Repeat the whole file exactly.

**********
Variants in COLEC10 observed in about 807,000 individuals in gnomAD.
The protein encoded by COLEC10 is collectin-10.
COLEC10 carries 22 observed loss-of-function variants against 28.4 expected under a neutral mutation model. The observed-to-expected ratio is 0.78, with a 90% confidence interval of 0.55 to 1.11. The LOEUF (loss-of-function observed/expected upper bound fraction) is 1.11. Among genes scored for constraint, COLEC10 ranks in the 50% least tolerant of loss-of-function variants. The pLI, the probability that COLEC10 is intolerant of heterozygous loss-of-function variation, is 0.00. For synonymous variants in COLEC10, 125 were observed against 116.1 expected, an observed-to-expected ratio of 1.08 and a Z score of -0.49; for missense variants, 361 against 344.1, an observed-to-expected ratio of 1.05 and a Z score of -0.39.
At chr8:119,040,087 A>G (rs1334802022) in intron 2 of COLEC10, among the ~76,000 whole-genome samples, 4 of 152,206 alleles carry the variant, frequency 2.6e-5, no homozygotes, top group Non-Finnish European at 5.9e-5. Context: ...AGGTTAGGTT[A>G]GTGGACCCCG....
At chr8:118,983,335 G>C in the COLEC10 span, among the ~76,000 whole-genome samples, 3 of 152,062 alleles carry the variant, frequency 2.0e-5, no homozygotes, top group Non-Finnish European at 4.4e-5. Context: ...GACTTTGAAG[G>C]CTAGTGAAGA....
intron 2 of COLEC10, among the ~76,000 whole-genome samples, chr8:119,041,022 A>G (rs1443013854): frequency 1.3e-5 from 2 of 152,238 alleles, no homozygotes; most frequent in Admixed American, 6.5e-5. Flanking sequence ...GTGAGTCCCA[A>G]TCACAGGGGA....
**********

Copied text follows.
Variants in COLEC10 observed in about 807,000 individuals in gnomAD.
The protein encoded by COLEC10 is collectin-10.
COLEC10 carries 22 observed loss-of-function variants against 28.4 expected under a neutral mutation model. The observed-to-expected ratio is 0.78, with a 90% confidence interval of 0.55 to 1.11. The LOEUF (loss-of-function observed/expected upper bound fraction) is 1.11. Among genes scored for constraint, COLEC10 ranks in the 50% least tolerant of loss-of-function variants. The pLI, the probability that COLEC10 is intolerant of heterozygous loss-of-function variation, is 0.00. For synonymous variants in COLEC10, 125 were observed against 116.1 expected, an observed-to-expected ratio of 1.08 and a Z score of -0.49; for missense variants, 361 against 344.1, an observed-to-expected ratio of 1.05 and a Z score of -0.39.
At chr8:119,040,087 A>G (rs1334802022) in intron 2 of COLEC10, among the ~76,000 whole-genome samples, 4 of 152,206 alleles carry the variant, frequency 2.6e-5, no homozygotes, top group Non-Finnish European at 5.9e-5. Context: ...AGGTTAGGTT[A>G]GTGGACCCCG....
At chr8:118,983,335 G>C in the COLEC10 span, among the ~76,000 whole-genome samples, 3 of 152,062 alleles carry the variant, frequency 2.0e-5, no homozygotes, top group Non-Finnish European at 4.4e-5. Context: ...GACTTTGAAG[G>C]CTAGTGAAGA....
intron 2 of COLEC10, among the ~76,000 whole-genome samples, chr8:119,041,022 A>G (rs1443013854): frequency 1.3e-5 from 2 of 152,238 alleles, no homozygotes; most frequent in Admixed American, 6.5e-5. Flanking sequence ...GTGAGTCCCA[A>G]TCACAGGGGA....